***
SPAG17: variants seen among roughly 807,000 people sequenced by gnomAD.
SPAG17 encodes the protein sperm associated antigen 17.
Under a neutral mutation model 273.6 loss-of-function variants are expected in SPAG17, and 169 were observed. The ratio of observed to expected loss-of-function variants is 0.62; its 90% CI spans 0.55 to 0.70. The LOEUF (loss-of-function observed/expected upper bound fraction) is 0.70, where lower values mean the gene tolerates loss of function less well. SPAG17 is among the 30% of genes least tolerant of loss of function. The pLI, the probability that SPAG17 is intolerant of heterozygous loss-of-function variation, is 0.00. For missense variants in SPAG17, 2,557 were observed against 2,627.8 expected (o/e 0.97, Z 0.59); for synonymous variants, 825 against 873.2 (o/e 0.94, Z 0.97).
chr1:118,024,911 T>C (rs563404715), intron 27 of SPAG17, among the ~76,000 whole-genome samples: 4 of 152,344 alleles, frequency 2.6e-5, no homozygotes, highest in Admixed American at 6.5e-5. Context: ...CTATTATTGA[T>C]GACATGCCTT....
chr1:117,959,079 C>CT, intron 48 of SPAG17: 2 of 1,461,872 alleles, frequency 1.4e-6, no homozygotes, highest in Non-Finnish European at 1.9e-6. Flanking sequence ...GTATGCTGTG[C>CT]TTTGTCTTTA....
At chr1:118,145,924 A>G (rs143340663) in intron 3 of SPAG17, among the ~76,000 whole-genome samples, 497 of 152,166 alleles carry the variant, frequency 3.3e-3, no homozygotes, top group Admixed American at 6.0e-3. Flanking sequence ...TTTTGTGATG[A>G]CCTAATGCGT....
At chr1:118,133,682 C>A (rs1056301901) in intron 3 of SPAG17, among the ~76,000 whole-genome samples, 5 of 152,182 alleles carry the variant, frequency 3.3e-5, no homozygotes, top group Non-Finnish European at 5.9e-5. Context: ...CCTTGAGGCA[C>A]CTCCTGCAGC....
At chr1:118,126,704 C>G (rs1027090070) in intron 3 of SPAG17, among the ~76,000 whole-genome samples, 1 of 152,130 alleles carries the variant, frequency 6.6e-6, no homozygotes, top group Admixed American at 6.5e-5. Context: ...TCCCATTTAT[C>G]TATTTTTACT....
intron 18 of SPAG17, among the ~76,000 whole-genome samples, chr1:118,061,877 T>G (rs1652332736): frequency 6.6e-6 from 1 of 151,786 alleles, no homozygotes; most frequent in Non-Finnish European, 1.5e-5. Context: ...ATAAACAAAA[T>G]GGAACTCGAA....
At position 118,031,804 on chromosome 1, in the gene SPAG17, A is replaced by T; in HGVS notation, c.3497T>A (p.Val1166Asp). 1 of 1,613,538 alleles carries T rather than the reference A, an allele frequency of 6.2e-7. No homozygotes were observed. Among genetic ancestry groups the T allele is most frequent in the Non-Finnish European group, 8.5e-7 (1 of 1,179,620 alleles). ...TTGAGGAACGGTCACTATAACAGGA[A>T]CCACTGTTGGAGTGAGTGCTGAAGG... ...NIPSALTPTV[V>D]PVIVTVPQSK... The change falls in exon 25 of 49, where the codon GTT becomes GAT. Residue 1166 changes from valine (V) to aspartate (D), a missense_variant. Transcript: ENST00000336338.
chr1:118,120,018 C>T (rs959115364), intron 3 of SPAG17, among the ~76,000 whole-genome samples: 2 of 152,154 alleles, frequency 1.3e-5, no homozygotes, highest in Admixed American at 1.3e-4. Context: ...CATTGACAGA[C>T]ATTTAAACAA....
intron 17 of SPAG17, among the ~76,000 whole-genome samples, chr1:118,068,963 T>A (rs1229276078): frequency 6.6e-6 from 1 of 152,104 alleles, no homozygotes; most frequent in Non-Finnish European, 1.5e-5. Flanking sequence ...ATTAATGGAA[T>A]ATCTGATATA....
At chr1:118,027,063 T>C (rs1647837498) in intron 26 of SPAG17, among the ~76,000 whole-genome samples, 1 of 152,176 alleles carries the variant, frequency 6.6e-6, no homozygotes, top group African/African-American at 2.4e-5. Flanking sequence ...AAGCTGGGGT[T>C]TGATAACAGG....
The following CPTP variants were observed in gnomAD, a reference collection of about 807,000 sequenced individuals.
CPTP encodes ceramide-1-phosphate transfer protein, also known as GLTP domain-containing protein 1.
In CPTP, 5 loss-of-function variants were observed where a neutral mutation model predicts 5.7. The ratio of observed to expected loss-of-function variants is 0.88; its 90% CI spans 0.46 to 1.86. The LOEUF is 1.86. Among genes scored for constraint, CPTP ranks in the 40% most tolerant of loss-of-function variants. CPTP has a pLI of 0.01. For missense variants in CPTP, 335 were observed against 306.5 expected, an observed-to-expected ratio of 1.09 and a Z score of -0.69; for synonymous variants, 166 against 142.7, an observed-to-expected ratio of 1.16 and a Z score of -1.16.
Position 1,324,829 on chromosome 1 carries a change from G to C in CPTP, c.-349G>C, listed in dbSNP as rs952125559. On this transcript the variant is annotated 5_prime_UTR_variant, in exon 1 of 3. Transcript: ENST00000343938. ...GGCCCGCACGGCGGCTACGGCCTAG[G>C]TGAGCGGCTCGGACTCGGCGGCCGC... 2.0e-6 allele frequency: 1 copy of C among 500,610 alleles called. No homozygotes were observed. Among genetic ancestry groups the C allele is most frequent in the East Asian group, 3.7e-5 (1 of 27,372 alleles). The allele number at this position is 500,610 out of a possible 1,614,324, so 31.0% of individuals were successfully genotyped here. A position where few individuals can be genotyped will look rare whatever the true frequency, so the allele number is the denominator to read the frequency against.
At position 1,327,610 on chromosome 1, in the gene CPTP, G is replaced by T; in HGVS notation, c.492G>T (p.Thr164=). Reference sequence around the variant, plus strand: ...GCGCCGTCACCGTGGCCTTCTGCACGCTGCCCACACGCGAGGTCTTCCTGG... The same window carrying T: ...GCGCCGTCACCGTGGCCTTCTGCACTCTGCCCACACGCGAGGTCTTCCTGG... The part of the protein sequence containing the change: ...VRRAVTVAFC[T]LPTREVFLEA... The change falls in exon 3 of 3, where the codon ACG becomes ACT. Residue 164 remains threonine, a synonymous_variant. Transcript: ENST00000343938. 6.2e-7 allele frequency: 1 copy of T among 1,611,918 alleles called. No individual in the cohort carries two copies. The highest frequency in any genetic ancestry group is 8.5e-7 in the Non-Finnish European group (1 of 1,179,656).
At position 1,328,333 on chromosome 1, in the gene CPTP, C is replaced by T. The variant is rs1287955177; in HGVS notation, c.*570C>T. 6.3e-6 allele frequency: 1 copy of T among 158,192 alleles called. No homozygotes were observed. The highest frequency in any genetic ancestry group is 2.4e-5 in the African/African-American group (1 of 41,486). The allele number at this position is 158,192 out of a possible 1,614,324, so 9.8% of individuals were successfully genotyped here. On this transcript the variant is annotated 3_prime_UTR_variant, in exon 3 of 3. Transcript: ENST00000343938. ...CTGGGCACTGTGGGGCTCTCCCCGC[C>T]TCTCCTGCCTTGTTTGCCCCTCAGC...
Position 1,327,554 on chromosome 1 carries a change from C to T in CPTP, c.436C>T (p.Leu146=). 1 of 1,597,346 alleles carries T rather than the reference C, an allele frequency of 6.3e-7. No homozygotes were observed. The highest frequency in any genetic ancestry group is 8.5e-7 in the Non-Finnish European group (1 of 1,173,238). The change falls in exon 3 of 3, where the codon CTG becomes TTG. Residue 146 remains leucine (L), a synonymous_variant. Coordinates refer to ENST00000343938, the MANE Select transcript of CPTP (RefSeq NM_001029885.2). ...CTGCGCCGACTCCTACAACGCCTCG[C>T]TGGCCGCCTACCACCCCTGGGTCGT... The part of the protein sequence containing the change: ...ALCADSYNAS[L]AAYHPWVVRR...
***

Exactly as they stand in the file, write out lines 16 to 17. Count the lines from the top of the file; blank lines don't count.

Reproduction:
In CPTP, 5 loss-of-function variants were observed where a neutral mutation model predicts 5.7. The ratio of observed to expected loss-of-function variants is 0.88; its 90% CI spans 0.46 to 1.86. The LOEUF is 1.86. Among genes scored for constraint, CPTP ranks in the 40% most tolerant of loss-of-function variants. CPTP has a pLI of 0.01. For missense variants in CPTP, 335 were observed against 306.5 expected, an observed-to-expected ratio of 1.09 and a Z score of -0.69; for synonymous variants, 166 against 142.7, an observed-to-expected ratio of 1.16 and a Z score of -1.16.
Position 1,324,829 on chromosome 1 carries a change from G to C in CPTP, c.-349G>C, listed in dbSNP as rs952125559. On this transcript the variant is annotated 5_prime_UTR_variant, in exon 1 of 3. Transcript: ENST00000343938. ...GGCCCGCACGGCGGCTACGGCCTAG[G>C]TGAGCGGCTCGGACTCGGCGGCCGC... 2.0e-6 allele frequency: 1 copy of C among 500,610 alleles called. No homozygotes were observed. Among genetic ancestry groups the C allele is most frequent in the East Asian group, 3.7e-5 (1 of 27,372 alleles). The allele number at this position is 500,610 out of a possible 1,614,324, so 31.0% of individuals were successfully genotyped here. A position where few individuals can be genotyped will look rare whatever the true frequency, so the allele number is the denominator to read the frequency against.